How Will We Measure 3 Voltages at Once
- To check that the CRO has been connected to the
circuit correctly is quite simple.
- We will use Coaxial
Cable to connect the CRO to the
circuit so that we need only worry about the connecions
made at the circuit.
Checking the Connections at the
- Below we see the diagram of the circuit with the
nodes labelled. The important nodes are Node2,
Node3 and Node4
since it is the GROUND node of the circuit.
- We will require the use of Both Channel A and
Channel B. Both
Channels will have their Negative Terminals connected to Node
- The positive terminal of Channel A will be
connected to Node 2
while the positive terminal of Channel B will be
connected to Node 3.
Why Connect In This Manner:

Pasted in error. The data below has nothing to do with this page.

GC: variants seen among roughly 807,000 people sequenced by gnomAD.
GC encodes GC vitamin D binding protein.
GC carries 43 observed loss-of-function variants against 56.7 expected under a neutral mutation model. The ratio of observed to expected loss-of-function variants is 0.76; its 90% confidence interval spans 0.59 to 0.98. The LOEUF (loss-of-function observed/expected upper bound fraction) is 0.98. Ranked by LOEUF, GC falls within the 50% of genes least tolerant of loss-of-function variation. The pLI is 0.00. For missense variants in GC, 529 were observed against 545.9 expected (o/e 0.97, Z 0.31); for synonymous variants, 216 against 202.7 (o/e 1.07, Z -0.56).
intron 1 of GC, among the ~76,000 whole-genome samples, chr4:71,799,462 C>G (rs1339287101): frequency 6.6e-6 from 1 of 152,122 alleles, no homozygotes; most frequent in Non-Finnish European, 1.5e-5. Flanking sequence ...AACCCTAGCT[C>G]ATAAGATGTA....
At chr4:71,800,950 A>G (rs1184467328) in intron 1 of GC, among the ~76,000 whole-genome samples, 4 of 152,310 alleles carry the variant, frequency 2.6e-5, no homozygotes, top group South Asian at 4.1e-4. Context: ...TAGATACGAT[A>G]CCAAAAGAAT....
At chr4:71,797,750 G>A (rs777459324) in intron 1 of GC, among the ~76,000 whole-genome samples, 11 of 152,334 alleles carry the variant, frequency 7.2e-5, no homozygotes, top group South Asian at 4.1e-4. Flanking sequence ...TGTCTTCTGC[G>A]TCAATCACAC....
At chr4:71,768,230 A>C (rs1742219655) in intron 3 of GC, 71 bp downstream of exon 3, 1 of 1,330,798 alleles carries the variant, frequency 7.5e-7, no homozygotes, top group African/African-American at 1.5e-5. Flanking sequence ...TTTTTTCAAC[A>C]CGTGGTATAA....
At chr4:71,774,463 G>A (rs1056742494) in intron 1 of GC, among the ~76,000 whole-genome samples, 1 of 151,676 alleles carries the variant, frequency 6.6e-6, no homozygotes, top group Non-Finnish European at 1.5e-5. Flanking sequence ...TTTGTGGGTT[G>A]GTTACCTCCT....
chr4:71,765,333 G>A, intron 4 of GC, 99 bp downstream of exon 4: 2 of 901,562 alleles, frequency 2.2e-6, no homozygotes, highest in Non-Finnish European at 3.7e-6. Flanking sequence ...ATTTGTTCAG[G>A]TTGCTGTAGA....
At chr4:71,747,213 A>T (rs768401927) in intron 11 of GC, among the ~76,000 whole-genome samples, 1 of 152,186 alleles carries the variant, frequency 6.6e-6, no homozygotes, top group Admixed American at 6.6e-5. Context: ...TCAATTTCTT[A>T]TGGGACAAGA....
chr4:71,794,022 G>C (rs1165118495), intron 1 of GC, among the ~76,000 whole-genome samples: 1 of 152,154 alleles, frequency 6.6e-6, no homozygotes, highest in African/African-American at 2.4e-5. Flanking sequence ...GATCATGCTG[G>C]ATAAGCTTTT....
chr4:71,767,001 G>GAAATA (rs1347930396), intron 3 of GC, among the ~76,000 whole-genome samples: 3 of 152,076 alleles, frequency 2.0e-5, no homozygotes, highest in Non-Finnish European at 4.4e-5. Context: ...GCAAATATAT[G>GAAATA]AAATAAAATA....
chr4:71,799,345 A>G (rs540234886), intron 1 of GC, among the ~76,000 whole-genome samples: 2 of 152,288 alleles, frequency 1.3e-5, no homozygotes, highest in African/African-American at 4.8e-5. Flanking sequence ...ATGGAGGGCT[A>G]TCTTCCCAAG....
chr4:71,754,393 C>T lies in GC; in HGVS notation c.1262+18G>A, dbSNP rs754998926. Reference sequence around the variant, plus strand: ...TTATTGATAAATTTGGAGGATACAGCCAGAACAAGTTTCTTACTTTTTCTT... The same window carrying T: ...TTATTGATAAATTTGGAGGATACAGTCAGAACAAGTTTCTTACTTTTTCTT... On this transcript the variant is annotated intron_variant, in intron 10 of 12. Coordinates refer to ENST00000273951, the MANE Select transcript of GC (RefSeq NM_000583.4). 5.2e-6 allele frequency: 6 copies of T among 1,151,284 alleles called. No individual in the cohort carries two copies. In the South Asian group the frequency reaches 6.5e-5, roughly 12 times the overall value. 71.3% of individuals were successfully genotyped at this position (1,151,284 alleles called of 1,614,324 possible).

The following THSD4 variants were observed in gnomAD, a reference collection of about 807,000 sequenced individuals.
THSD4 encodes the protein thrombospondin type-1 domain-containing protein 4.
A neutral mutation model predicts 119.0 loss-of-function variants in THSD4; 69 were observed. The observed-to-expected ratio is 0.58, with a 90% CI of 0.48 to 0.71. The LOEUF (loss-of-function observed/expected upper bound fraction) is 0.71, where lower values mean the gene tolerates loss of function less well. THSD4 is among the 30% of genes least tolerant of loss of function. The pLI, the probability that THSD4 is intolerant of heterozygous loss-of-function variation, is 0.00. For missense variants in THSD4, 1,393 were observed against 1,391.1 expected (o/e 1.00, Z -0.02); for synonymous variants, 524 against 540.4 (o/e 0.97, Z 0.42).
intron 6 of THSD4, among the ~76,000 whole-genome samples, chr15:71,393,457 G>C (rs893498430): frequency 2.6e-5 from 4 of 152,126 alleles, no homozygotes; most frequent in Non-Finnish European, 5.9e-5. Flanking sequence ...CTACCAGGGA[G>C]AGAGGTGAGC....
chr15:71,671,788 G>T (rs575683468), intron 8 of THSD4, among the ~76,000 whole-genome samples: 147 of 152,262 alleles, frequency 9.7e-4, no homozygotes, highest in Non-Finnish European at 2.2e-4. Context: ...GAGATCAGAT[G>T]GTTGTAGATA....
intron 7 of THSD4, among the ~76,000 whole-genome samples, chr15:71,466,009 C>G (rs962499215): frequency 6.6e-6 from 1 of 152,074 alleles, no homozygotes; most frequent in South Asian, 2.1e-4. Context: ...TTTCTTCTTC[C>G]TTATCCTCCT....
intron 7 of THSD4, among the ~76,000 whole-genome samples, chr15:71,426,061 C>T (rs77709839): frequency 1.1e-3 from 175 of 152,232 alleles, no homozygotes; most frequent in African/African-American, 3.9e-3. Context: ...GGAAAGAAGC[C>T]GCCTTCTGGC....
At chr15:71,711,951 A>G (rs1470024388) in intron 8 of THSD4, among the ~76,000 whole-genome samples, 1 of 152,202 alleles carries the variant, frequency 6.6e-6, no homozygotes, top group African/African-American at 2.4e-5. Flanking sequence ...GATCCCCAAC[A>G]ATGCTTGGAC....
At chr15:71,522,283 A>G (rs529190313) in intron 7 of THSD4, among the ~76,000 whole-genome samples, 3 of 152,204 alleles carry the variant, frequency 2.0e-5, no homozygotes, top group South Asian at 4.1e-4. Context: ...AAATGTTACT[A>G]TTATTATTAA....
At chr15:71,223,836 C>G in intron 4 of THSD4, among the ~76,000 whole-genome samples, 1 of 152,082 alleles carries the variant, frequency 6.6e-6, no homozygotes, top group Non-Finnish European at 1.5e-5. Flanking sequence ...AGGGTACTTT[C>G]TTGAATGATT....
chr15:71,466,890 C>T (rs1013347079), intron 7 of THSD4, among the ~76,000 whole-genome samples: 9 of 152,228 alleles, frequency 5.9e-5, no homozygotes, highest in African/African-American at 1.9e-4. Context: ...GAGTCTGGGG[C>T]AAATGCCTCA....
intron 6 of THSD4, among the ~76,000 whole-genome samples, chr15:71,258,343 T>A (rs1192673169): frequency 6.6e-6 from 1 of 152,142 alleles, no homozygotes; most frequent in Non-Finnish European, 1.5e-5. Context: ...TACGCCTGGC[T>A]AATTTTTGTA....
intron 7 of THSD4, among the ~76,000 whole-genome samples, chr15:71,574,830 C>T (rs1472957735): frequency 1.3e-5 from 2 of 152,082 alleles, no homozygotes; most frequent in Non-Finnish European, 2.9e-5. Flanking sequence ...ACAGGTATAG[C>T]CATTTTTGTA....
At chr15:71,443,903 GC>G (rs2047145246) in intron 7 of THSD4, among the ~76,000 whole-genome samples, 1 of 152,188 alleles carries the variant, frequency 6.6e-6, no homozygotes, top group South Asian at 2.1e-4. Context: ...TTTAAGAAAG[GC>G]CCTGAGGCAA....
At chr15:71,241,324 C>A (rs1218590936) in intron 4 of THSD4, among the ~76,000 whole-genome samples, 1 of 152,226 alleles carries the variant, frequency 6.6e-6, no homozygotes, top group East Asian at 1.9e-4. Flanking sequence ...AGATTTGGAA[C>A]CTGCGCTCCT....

- The CRO is connected to the circuit in the manner
mentioned above so that all 3 voltages can be measured
without disturbing the circuit. This can be explained by
considering the following:
- The Voltage at Node 2
is the signal being applied to Channel A.
- This voltage is the voltage drop across
R2 and Also the voltage drop across the combined
resistance of R3 and R4.
- The Voltage at Node 3
is the signal being applied to Channel B which is
equal to the voltage drop across R4.
- So to find the Voltage drop across R2
we simply move the Mode
Selector to the CH A selection. And
then to find the voltage drop across R4
we move the Mode
Selector to the Channel B position.
- Now it is obvious that the Voltage drop across R3
is simply the voltage at Node2
minus the voltage at Node 3.
- This voltage can be calculated or simply read
from the display
by moving the Mode
Selector to ADD and inverting
Channel B by "pulling out" the Vertical Position
Control of the trace.
- If the above requirements have been satisfied it
is time to make the measurement of the D.C. voltage.
to CRO Menu
Page maintained by EIE WebMistress
Revised: 15 September 2004